For years, the de facto standard for PC gaming and consoles was 1920x1080 – even if consoles occasionally struggled to reach it. 1080p monitors have been the only practical choice for gaming for years now, but viability of 1440p-ready hardware for mid-range gaming PCs means that the market for 1440p monitors has become more competitive. Similarly, the 4K monitor market is also getting fairly competitive, but unfortunately mid-range (and even higher-end) GPUs still struggle to run at 4K in many modern games.
While 4K becomes more attainable for the average consumers, 2560x1440 monitors fit the needs of many gamers who want higher resolution than 1080p while still desiring to render – and show – 120+ FPS. With this in mind, we’ve created this buyer’s guide for the best 1440p gaming monitors presently on the market, particularly when accounting for price, high refresh rate, or panel type. Since the primary use case for the monitors in this guide is gaming, we have primarily included G-Sync (covered here) and FreeSync (covered here and here) compatible monitors for users with nVidia and AMD GPUs, respectively.
“Ye-- ye cain't take pictures h-- here,” a Porky Pig-like voice meekly spoke up from behind the acrylic windshield of a golf cart that'd rolled up behind us, “y-ye cain't be takin' pictures! I'm bein' nice right now!”
Most folks in media production, YouTube or otherwise, have probably run into this. We do regularly. We wanted to shoot an Ask GN episode while in California, and decided to opt for one of the fountains in Fountain Valley as the backdrop. That's not allowed, apparently, because that's just how rare water is in the region – don't look at it the wrong way. It might evaporate. Or something.
But no big deal – we grab the bags and march off wordlessly, as always, because this sort of thing just happens that frequently while on the road.
Regardless, because Andrew was not imprisoned for sneaking a shot of the fountain into our video or taking two pretzel snacks on the plane, Ask GN 29 has now been published to the web. The questions from viewers and readers this week include a focus on “why reviewers re-use GPU benchmark results” (we don't – explained in the video), the scalers in monitors and what “handles stretching” for resolutions, pump lifespan and optimal voltage for AIOs, and theoretical impact from HBM on IGPs.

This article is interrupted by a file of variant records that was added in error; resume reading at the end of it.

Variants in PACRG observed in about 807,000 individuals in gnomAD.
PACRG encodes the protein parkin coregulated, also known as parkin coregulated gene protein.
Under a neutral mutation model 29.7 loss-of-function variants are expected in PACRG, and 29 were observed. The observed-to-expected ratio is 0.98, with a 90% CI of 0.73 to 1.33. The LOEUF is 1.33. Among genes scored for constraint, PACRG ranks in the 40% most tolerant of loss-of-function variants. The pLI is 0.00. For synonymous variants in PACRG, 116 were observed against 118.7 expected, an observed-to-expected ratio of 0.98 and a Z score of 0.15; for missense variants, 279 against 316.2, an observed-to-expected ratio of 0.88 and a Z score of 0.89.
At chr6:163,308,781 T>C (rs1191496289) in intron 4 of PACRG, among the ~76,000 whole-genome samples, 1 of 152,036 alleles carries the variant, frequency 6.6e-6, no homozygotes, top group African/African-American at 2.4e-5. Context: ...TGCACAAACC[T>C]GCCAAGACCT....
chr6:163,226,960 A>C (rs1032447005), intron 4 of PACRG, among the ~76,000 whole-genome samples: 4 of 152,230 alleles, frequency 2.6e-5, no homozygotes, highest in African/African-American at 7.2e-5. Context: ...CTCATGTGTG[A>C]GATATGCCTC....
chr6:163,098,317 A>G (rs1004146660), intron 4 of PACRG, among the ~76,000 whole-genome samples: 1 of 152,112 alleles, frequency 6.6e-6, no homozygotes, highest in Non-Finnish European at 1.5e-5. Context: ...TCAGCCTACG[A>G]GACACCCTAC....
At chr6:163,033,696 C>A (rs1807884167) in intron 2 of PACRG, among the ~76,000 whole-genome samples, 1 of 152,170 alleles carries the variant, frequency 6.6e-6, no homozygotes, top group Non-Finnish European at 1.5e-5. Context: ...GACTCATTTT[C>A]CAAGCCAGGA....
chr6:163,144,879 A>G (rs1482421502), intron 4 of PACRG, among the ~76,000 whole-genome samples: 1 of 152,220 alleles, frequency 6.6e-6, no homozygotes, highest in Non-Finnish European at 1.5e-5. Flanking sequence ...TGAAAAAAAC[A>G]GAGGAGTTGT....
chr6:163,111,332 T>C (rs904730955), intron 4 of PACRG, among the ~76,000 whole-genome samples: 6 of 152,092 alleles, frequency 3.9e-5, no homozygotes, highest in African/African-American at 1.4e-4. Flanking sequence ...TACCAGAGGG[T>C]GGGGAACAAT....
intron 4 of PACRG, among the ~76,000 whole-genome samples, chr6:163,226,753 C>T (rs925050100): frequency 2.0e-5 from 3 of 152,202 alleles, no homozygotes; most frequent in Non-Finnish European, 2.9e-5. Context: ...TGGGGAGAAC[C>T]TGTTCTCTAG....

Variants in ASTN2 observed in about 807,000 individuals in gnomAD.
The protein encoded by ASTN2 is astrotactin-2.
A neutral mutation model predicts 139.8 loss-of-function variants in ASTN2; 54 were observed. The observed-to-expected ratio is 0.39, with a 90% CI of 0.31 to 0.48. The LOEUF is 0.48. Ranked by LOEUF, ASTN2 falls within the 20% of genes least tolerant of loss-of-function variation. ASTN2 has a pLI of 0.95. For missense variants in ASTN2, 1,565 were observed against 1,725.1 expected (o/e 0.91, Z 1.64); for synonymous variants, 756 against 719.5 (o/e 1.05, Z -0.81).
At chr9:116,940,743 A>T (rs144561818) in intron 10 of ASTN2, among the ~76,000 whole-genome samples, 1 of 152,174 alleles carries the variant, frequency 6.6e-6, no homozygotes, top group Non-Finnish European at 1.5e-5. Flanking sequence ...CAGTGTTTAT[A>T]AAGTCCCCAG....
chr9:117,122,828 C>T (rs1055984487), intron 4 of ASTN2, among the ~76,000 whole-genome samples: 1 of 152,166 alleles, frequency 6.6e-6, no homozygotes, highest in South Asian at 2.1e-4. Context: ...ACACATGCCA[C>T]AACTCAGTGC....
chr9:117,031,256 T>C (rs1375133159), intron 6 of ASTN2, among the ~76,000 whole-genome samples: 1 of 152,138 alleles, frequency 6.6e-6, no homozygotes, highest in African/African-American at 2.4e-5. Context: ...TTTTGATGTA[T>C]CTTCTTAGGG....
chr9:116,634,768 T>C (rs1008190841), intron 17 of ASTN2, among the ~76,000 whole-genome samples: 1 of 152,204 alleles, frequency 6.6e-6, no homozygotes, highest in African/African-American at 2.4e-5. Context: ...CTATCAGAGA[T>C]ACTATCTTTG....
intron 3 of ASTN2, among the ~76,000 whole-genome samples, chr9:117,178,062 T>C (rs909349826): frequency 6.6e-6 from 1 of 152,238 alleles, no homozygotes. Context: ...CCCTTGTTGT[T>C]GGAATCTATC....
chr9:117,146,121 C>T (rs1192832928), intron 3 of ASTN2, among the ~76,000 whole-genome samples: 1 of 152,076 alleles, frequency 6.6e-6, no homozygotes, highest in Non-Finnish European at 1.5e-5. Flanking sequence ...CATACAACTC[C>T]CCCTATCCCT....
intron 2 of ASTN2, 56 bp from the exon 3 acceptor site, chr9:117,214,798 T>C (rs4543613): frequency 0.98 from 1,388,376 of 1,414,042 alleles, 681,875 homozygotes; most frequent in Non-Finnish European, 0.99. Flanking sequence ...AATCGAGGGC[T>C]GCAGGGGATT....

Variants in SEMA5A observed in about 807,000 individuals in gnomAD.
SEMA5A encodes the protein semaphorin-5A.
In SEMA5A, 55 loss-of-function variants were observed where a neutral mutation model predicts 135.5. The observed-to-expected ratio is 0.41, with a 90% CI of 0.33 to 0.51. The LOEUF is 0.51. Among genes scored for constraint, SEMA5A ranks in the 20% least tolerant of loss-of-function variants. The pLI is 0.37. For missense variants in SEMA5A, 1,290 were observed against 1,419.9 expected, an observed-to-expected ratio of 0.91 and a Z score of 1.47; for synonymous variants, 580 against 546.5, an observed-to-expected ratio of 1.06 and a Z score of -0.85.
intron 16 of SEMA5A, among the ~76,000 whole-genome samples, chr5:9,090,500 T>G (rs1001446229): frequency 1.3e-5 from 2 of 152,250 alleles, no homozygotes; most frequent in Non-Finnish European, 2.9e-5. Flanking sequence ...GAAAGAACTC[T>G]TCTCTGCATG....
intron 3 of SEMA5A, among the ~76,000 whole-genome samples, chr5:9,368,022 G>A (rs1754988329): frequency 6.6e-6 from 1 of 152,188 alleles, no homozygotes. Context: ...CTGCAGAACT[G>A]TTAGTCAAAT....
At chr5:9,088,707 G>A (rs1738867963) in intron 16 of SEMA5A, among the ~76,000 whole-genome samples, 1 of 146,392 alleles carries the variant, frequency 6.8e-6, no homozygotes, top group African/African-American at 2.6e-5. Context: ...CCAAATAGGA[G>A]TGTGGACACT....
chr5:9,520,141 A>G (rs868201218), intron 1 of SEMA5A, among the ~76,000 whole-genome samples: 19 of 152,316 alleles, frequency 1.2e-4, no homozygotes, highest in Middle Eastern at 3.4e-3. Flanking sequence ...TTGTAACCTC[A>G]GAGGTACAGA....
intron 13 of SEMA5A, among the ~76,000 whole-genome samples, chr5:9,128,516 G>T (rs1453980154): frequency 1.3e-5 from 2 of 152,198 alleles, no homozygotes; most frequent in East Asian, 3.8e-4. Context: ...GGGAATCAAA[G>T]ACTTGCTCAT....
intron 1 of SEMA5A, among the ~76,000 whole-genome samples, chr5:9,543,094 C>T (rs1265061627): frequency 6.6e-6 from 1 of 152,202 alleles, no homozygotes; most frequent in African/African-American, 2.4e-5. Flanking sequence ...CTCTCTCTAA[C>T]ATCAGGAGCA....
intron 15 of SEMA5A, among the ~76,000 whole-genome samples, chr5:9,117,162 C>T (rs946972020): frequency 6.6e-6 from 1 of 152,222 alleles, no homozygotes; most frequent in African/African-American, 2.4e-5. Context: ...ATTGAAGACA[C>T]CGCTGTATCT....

Despite AMD’s FreeSync arriving later than nVidia’s G-Sync, FreeSync has seen fairly widespread adoption, especially among gaming monitors. The latest monitor – and the 101st – to officially support FreeSync is Lenovo’s Y27f. This also marks the announcement of Lenovo’s first FreeSync monitor.
This episode of Ask GN 25 carries our content output while we travel, granting a brief reprieve from the unrelenting GPU reviews of late. As always, post questions on the YouTube video page for potential inclusion in the next Ask GN episode. If you've got a non-GPU question, those would be greatly appreciated to break-up the content!
For this episode, we're focusing on the question of Fast Sync vs. V-Sync, talking GPU binning, the impact of power supply selection on overclocking headroom, and more. The very last comment in the video will address our RX 480 Endurance test – mostly difficulties with crunching and presenting as much data as we've collected.
Video and time stamps below:
This fifteenth episode of Ask GN springs forth a few quick-hitter questions, but a couple that require greater depth than was addressable in our episodic format. These longer questions will be explored in more depth in future content pieces.
For today, we're looking at the future of AMD's Zen for the company, forecasting HDR and monitor tech, discussing IGP and CPU performance gains, and talking thermals in laptops. As always, one bonus question at the end.
Timestamps are below the embedded video.